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Brownlie, Ian, Principles of Public International Law, 4th ed., Oxford 1990.

Brownlie, Ian, Principles of Public International Law, 4th ed., Oxford 1990.
532 The rule supported by all leading 'Western' governments and many jurists in Europe and North America is as follows: the expropriation of alien property is lawful if adequate, effective, and prompt compensation70 is provided for. In principle, therefore, expropriation, as an exercise of territorial competence, is lawful, but the compensation rule (in this version) makes the legality conditional. The justifications for the rule are based on the assumptions prevalent in a liberal regime of private property and in the principle that foreign owners are to be given the protection accorded to private rights of nationals, provided that this protection involves the provision of compensation for any taking.

[Subsequently set out in detail]

620 An example of a fundamental change would be the case where a party to a military and political alliance, involving exchange of military and intelligence information, has a change of government incompatible with the basis of alliance. The majority of modern writers accept the doctrine of rebus sic stantibus [...] The doctrine involves the implication of a term that the obligations of an agreement would end if there has been a change of circumstances. As in municipal systems, so in international law it is recognized that changes frustrating the object of an agreement and apart from actual impossibility may justify its termination. Some jurists dislike the doctrine, regarding it as a primary source of insecurity of obligations, more especially in the absence of a system of compulsory jurisdiction.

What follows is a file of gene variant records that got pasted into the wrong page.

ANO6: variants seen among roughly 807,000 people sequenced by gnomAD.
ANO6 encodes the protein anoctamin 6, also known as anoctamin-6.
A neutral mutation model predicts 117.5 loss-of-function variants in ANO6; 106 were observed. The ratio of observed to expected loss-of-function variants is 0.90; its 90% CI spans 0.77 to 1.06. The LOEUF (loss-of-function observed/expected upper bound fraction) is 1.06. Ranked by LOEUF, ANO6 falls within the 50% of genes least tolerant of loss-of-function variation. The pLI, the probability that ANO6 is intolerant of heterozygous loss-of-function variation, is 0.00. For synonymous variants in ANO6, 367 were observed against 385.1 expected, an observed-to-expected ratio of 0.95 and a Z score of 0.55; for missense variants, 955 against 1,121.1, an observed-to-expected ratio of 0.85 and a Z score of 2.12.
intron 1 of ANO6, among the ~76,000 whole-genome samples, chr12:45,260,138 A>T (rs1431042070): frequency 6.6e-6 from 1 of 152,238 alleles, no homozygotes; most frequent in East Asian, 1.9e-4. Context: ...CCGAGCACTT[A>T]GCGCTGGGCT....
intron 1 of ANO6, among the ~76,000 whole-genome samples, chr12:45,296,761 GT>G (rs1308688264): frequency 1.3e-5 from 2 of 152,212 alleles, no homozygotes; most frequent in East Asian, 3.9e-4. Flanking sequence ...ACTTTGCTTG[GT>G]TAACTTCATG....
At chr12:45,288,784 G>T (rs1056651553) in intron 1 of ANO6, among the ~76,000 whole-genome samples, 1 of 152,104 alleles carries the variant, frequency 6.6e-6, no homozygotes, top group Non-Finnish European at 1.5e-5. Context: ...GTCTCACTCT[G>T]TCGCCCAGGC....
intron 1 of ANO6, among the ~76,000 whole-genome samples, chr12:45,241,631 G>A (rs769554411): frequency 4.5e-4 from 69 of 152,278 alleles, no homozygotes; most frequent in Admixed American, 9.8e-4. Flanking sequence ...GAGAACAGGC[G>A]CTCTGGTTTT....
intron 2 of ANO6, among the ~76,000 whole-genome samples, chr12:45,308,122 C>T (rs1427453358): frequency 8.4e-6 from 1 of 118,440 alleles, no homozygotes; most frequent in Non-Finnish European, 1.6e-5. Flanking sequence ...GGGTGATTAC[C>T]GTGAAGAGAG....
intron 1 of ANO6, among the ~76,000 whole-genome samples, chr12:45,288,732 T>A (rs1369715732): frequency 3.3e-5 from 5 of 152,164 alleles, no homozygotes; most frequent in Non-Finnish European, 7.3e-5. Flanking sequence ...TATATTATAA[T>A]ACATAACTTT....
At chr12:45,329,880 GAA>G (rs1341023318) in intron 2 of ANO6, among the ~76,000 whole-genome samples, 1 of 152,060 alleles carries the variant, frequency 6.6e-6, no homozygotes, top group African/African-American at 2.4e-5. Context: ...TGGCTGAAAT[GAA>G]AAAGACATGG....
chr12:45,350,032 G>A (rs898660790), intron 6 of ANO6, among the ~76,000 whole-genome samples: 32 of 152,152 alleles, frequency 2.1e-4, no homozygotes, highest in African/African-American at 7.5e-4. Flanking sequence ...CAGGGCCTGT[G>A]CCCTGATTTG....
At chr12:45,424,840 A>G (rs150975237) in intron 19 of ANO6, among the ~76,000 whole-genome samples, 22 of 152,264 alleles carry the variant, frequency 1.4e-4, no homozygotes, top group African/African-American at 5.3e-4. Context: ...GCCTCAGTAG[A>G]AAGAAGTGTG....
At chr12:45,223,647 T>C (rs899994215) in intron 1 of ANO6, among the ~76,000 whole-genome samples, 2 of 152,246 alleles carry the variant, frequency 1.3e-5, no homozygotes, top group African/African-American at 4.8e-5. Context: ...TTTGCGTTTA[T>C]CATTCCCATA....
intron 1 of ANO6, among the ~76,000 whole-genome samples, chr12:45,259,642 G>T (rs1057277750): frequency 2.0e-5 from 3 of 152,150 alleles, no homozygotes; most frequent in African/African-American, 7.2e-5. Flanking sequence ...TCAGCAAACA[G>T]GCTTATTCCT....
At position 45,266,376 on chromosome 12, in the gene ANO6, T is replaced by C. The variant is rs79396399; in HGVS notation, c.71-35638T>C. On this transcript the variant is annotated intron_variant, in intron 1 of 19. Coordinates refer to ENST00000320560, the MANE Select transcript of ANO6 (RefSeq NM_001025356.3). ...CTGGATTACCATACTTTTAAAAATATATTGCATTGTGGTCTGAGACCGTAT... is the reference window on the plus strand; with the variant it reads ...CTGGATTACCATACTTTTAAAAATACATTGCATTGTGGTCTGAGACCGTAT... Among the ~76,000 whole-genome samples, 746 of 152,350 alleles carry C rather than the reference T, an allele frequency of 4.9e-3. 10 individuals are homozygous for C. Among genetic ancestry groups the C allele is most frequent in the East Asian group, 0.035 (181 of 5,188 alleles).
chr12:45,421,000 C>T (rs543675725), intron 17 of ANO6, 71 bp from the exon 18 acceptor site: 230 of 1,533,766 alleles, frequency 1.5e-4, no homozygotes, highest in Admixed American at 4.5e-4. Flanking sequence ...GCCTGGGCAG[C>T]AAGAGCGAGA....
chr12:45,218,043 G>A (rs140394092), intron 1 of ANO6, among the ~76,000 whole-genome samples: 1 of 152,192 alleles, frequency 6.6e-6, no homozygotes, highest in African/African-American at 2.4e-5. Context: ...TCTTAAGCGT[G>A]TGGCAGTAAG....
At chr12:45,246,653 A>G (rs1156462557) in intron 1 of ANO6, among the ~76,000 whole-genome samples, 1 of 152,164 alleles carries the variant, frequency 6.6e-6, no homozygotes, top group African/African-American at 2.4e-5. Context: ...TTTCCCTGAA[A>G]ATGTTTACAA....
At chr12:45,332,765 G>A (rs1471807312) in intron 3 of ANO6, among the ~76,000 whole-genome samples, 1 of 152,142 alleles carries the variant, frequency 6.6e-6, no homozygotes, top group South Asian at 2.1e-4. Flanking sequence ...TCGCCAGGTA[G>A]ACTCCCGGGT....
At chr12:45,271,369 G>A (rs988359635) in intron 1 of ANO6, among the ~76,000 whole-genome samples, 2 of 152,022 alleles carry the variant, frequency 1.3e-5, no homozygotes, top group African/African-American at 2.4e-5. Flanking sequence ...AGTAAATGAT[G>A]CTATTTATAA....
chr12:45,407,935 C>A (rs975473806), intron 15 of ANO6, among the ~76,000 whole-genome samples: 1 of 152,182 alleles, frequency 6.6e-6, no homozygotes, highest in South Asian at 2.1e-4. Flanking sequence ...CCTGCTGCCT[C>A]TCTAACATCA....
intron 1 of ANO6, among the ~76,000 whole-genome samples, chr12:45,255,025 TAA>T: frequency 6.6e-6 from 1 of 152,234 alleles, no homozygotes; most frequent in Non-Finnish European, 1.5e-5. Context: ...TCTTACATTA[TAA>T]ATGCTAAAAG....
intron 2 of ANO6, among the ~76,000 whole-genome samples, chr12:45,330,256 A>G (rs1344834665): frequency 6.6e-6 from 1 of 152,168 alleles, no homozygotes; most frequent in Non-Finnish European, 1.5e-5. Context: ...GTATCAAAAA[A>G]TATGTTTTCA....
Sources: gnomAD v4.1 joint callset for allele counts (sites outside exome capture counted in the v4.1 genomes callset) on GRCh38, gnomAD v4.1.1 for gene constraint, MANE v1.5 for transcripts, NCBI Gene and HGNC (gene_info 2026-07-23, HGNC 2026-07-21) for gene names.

[Set out in detail.]

70The formula appears in a Note from the US Secretary of State, Cordell Hulk to the Mexican Government dated 21 July 1938: Hackworth, iii. 655. The formula also appears in various modern commercial treaties: e.g. the Anglo-Japanese Commercial Treaty of 1963, Art. 14; see Ahnond, 13 ICLQ (1964), 925 at 949. See also Whiteman, viii. 1085-9. It is also commonly stipulated that the taking should be 'in the public interest', but see infra, p. 545. On the criteria of adequacy, effectiveness, and promptness, see García Amador, Yrbk. ILC (1959), ii. 16-24; White, Nationalisation, pp. 235-43; Domke, 55 AJ (1967), 603-10; Sohn and Baxter, ibid. 553 (Art. 10/4), 559-60; ICJ Pleadings, Anglo-Iranian Oil Co. case (United Kingdom v. Iran), 100 ff.; Jiménez de Aréchaga, Yrbk. ILC (1963), ii. 237-44; Cole, 41 BY (1965-6), 374-9; Whiteman, viii. 1143-85; Metzger, 50 Virginia LR (1964), 603-7.

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